Testing the Limits of WebGL: The Babylon.js Train Demo

To celebrate the launch of Windows 8.1 and Internet Explorer 11, we decided to create a new demo scene for Babylon.js.

This demo was intended to show off the raw power of WebGL on modern browsers like Internet Explorer 11. I asked one of my friend (Romuald Rouhier) to allow us to use a 3D scene that he created with 3dsMax:

As you can see here, the scene is really beautiful. The challenge was to enable it to run in realtime under WebGL.

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Some statistics

The scene itself is a big bunch of more than 900 000 active vertices (the mirror used for the water almost multiply the volume of vertices by 2). It uses more than 28 differents shaders and weight 70 MB.

In order to evaluate the performance of the scene, we did two benchmarks: One on my personal PC (a fat and powerful Intel Core-I7 PC with a Nvidia GeForce 680) and one on my laptop (a Lenovo X1 Carbon with an Intel Core-I7 and an Intel onboard graphics card (HD4000).

We run two tests each time. One on the main rotating camera and one on a less wide camera (Walk camera). The rotating camera has this point of view:

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This camera requires huge power because every single object is visible!

The other camera is a bit less complex to render:

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The results for these benchmarks are the following:

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As you can see, even in a middle range hardware (my laptop) the power of WebGL allows us to deliver 30 frames per second on Internet Explorer 11.

Under the hood

To be able to render such a scene, we had to add new features to Babylon.js.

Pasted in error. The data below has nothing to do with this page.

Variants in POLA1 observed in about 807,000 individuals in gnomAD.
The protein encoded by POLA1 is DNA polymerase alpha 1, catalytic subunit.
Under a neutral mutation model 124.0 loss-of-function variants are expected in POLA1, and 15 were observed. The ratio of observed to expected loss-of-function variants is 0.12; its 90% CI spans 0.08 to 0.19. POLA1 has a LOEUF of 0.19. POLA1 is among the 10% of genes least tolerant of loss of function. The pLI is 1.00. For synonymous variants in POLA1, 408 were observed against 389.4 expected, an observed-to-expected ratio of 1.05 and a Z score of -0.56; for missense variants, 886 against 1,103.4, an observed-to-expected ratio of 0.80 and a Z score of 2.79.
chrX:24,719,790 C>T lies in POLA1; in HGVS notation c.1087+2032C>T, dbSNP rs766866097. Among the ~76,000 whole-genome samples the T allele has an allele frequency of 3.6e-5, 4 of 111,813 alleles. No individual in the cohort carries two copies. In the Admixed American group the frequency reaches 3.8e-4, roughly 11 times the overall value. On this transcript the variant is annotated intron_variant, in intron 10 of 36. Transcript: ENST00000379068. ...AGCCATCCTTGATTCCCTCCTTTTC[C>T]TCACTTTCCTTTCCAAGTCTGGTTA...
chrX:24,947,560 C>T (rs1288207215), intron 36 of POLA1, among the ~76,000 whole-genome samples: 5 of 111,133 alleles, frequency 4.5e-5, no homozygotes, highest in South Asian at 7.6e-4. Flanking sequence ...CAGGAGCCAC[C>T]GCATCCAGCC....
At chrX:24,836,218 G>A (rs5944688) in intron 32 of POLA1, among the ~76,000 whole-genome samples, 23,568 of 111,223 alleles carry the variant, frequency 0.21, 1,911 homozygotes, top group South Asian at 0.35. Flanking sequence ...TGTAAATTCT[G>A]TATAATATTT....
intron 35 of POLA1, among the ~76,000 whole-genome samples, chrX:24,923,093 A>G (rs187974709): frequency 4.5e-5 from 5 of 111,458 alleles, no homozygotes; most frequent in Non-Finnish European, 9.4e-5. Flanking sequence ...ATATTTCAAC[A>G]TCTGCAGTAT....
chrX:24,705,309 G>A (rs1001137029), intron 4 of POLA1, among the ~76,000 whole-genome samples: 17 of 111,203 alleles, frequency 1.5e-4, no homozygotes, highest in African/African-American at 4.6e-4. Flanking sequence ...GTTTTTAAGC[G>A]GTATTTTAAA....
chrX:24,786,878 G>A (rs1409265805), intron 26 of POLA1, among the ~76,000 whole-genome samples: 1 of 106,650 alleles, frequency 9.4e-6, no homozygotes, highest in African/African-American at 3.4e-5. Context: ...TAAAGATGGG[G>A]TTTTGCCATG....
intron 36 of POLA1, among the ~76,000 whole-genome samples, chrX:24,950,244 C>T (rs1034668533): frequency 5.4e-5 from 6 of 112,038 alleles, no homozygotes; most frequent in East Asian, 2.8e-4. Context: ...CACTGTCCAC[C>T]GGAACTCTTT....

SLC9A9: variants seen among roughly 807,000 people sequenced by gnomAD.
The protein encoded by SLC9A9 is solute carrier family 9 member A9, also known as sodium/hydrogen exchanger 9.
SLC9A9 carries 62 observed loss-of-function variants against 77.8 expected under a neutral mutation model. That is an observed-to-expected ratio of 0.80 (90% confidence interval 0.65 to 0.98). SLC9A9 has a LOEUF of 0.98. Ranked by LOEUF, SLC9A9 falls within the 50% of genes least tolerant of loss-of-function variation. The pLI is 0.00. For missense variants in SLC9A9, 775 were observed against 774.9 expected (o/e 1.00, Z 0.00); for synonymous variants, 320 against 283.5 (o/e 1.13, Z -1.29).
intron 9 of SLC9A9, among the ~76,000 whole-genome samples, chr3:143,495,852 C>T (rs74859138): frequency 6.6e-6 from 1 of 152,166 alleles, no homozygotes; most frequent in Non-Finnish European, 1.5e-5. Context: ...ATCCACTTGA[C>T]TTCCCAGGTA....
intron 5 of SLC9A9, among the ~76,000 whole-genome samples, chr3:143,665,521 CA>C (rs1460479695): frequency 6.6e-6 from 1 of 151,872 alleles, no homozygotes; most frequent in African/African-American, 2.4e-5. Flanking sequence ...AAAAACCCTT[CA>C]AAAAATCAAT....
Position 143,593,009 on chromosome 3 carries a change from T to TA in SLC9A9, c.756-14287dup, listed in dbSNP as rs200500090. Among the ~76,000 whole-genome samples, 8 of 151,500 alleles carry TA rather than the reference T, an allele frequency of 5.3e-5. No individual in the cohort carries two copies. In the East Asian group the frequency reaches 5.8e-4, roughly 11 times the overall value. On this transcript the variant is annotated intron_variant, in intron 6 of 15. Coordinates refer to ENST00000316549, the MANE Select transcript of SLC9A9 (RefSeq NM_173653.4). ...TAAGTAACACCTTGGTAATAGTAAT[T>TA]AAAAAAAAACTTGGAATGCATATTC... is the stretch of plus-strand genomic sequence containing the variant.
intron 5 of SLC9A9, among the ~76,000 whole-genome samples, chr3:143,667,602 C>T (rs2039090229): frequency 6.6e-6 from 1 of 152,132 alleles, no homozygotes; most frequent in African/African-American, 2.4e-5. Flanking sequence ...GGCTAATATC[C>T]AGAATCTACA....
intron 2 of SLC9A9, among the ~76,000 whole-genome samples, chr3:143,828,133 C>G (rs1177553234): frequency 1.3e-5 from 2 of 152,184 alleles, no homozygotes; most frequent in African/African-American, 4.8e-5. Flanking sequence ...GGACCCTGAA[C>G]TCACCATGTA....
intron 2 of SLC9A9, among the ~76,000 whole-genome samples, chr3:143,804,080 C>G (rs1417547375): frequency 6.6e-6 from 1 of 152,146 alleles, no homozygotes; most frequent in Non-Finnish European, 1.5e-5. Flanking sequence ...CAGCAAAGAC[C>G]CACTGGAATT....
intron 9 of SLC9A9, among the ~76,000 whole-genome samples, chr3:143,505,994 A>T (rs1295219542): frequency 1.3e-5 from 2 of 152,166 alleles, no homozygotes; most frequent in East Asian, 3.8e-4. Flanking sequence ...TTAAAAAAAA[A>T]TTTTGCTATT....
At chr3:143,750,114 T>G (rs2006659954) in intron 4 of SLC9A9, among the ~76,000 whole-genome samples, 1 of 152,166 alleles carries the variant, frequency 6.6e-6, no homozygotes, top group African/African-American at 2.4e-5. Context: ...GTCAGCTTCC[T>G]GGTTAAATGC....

First of all this is the first time that we are able to dynamically change cameras using this new interface:

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Then to add more life to the scene, we added support for animated cameras. For instance, the camera called CAM_ROT is rotating around the full scene.

In a same way, if you switch to CAM_TRAIN camera or CAM_TRAIIN_AVANT camera, we will also discover a new feature: cameras can be related to mesh. This allows a camera to be linked (as a child) to an object (for instance the train right here):

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About raw performances, in order to streamline the rendering, we spent a lot of time creating caches for almost every WebGL functions. These caches allow us to remove redundant states changes which are really expensive for the WebGL state machine.

Using the F12 developer bar of Internet Explorer 11, we were able to optimize the engine so that Javascript code is not a bottleneck. The integrated profiler (see below) tells us that almost all the time is spent INSIDE the graphics card code:

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The drawElements functions is a WebGL function used to render triangles. We can see on the previous screenshot that Babylon.js (starting at the second line) is not a problem.

Do not hesitate to use the comments to share the performance you achieved on your own computer (Do not forget to indicate which version you use for OS, browser and hardware). We are eager to hear about your own experience!

Going further

You want to do the same and unleash the power of WebGL? Here are some interesting links:

Originally published: http://blogs.msdn.com/b/eternalcoding/archive/2013/10/28/babylon-js-the-train-demo.aspx. Reprinted here with permission of the author.

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  • PetitPaul

    Note that WebGL is available in Safari but, for some mysterious reasons, is not enabled by default. You need to go to the preferences advanced tab and select “Show Develop menu in menu bar” and from there, select “Enable WebGL”